RATA, RATONES, RATEROS (RODENTS) Image

Continuing the unofficial gritty street drama motif that seemed to be this year’s unofficial Slamdance 2000 theme, “Rata, Ratones, Rateros” introduces us to Salvador (Marco Bustos), a young Ecuadorian street punk. Content to pull hubcap bait-and-switch level scams and other such petty thievery with his friends, Salvador’s insular world is shattered when his cousin Angel (Carlos Valencia) arrives in town. A fast-talking con artist who’s good-natured on the outside, Angel’s actually a ruthless and hard-bitten con man; a killer with a bounty on his head interested only in his own survival. Burdened with a bored rebellious streak, Salvador helps Angel against his father’s orders, only to have the two-legged rat repay him by sucking him, his friends, and the rest of his family into the potentially lethal sewer of his world.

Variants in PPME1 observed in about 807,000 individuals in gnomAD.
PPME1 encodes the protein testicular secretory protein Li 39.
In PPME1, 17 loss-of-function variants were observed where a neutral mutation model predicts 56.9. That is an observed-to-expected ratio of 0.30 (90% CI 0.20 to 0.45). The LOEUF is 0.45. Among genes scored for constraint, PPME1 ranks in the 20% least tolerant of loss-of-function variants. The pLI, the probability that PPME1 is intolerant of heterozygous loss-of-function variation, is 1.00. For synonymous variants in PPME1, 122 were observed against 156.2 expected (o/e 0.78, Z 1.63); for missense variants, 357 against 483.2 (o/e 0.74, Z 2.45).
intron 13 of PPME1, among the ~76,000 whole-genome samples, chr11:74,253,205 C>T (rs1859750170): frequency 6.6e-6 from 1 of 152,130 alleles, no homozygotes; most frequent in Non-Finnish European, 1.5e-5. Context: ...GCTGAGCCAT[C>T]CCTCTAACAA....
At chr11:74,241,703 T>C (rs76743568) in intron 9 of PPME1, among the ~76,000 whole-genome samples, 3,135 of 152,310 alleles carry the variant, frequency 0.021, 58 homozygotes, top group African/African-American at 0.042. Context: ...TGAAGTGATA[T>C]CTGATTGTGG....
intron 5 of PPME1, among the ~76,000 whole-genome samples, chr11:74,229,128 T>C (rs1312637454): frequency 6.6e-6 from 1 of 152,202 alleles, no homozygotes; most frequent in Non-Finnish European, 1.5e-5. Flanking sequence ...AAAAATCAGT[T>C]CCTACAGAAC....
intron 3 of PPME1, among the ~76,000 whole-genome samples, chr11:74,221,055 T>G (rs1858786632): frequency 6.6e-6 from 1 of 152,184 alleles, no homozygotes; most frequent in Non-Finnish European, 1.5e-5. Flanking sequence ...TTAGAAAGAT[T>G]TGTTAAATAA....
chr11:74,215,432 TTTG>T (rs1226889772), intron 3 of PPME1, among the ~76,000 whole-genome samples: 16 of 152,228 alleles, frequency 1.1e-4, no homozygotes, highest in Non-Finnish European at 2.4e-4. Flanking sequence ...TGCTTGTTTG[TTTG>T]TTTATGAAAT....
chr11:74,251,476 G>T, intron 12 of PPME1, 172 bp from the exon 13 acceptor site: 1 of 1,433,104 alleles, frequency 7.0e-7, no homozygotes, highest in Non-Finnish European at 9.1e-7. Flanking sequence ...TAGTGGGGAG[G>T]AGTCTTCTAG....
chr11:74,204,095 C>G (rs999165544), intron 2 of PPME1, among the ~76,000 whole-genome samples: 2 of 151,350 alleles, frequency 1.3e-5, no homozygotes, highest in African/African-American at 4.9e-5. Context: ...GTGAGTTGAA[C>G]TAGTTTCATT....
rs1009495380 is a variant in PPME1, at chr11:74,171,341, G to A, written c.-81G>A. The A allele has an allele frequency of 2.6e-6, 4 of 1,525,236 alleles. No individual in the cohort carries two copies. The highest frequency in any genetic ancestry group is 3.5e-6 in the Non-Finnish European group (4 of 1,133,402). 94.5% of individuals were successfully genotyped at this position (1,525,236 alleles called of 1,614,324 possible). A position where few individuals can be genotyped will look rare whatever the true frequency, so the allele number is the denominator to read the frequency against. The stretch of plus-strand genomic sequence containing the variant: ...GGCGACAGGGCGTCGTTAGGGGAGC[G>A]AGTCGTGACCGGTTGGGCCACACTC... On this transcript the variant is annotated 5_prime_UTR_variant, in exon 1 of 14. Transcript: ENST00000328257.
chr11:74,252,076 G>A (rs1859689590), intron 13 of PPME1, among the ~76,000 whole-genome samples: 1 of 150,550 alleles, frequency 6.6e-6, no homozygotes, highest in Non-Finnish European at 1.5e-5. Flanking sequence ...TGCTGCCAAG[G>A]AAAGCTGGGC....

This grim look at Latin American street life by Sebastian Cordero is, if anything, even more depressing than its American counterparts — and far less glamorously depicted. “Rata, Ratones, Rateros” takes quite a while to get rolling and even longer, burdened by the additional handicap of subtitles, to figure out who’s who and what’s what. There are also numerous pacing problems throughout — 107 minutes means plenty of excess that Cordero could have trimmed — and the film’s ending, while appropriate, is highly abrupt and unsatisfying. On the other hand, Valencia’s Angel powers this film. He really is a rat; an intense, feral bottom-feeder who remorselessly consumes everyone with whom he comes into contact. His presence somehow makes “Rata…” seem far more believable than other similar films, with some portions having an almost documentary feel to them. If, as suspected, this is an accurate portrayal of Latin-American street life, that truly makes “Rata…” one of the more depressing films of the festival.

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